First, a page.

Here's the First FREE On-Line Issue of:
The Pocket Change Investor
The Secrets to Getting Ahead -- Even if You Have
A Pile of Credit Card Bills, Hefty Mortgage Payments, Loans Out on a Clunker or Two,
And a Bad Case of the "I'm Tired of Living Payday to Payday" Blues

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Welcome to Our First On-Line Issue!

Our format has changed but our goals have not. We want to help you save money, get out of debt, and live better on less. You can read the whole issue below, or click on these links for specific articles:

  • Stop Debt Collectors Cold. Bankruptcy attorney John Ventura explains what your rights are if you've fallen behind on your bills, and debt collectors are calling you at home and work.
  • Cutting the Cost of College. It's easy to get college credits by simply taking a test. Compared to the cost of tuition, these tests are cheap -- only $50 each.
  • The Times They Are A-Chargin' (not a typo). Thinking about giving The New York Times Book Review or a magazine subscription as a gift? Read this article if you don't want to be billed forever, or forced to fight with bill collectors.
  • A Money Saving Tip for Movie Buffs. How'd you like to rent videos and DVDs for FREE?
  • Curing the Patient Without Bleeding the Family. Here's a unique way to take a scalpel to health costs.
  • Emergency Preparedness Upstairs. You may not be able to use the staircase to get your family out in case of a fire. Here's how to get them downstairs safely, and in a hurry.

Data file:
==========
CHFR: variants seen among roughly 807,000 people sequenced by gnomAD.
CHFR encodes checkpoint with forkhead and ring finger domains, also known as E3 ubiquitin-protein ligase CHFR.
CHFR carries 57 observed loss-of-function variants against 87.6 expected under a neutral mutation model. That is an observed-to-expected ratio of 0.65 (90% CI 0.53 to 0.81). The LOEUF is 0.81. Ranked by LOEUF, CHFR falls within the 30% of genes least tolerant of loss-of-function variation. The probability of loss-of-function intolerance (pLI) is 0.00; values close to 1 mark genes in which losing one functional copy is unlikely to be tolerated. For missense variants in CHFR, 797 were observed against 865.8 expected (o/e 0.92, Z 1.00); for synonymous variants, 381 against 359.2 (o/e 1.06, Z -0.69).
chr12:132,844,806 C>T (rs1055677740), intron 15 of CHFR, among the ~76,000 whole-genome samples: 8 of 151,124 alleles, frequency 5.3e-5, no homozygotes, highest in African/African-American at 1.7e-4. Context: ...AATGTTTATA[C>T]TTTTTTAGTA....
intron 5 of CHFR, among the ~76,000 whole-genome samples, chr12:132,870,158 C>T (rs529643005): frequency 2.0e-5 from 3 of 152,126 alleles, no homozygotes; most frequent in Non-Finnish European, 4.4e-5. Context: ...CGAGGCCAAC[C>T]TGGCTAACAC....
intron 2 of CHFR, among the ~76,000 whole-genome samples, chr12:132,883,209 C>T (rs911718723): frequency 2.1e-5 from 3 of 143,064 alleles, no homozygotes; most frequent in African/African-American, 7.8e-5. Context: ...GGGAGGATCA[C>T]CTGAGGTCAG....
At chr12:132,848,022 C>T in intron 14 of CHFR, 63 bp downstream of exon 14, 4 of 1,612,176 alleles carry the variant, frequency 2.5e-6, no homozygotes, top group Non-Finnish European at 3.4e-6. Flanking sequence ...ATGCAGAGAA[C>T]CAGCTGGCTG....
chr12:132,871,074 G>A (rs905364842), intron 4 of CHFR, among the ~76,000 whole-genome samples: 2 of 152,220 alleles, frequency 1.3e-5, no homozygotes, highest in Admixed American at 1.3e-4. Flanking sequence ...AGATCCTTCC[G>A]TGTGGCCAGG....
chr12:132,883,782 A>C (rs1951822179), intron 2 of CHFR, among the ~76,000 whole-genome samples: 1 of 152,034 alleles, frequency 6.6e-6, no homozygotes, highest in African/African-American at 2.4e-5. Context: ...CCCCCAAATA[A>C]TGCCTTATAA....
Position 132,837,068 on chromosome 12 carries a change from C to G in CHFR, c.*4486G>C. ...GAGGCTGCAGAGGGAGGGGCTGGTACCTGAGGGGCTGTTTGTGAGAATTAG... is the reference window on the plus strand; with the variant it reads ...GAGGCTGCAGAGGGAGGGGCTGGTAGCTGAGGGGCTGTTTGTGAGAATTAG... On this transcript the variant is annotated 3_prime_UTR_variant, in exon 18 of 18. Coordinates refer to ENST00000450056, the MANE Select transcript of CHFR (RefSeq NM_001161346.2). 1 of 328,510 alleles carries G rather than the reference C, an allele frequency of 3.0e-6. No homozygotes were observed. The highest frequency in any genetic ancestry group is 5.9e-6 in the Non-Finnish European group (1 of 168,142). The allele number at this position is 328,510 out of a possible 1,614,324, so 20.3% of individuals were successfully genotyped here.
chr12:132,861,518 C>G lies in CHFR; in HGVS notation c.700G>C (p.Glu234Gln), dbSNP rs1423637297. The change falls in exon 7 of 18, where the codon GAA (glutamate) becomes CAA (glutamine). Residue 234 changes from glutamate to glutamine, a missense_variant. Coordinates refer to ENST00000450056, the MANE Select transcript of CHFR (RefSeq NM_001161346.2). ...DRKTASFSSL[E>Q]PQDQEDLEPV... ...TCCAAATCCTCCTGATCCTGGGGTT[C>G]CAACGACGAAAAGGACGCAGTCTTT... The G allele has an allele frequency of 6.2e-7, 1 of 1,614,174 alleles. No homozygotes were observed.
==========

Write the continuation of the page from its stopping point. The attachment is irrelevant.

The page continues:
• Book Corner. This issue's picks include two great books on starting a business of your own, one on how hormone replacement therapy became the cure-all for menopausal women (hint: think drug industry), as well as our own book, Invest in Yourself.
  • Good Advice for a Price. In the same way that you might hire a trainer at the gym, we can give you the individualized attention you need to solve a personal finance, business, lifestyle, or health problem.
One of the things I like to do in my letters is to give you a slice or two from our lives ... in the hope that it inspires or at least entertains you. For example, as I type, Marc is in the kitchen, not 30 feet away, processing home-grown peppers and shiitake mushrooms for our freezer. We cook them together, quick freeze them in ice cube trays, stuff them into plastic bags, and then pop as many as we'd like into whatever we're cooking during the long winter months.

The room where I'm sitting used to be our dining room, but I got tired of taking all our work stuff off the table when we wanted to eat. So the world headquarters of Good Advice Press now resides near the refrigerator, and we moved the dining room down the hall and past the staircase.

We recently tucked a dining room table into a corner of the living room, because we needed dining room #2 for AgainWithTheComics.com, our newest Web site. We had 10,000 or so comics left from "Marc and Nancy Comics," our early 1980's adventure in retail, which we took out of storage and priced. Now, we're ready to sell them. Please tell every comic fan you know about our site!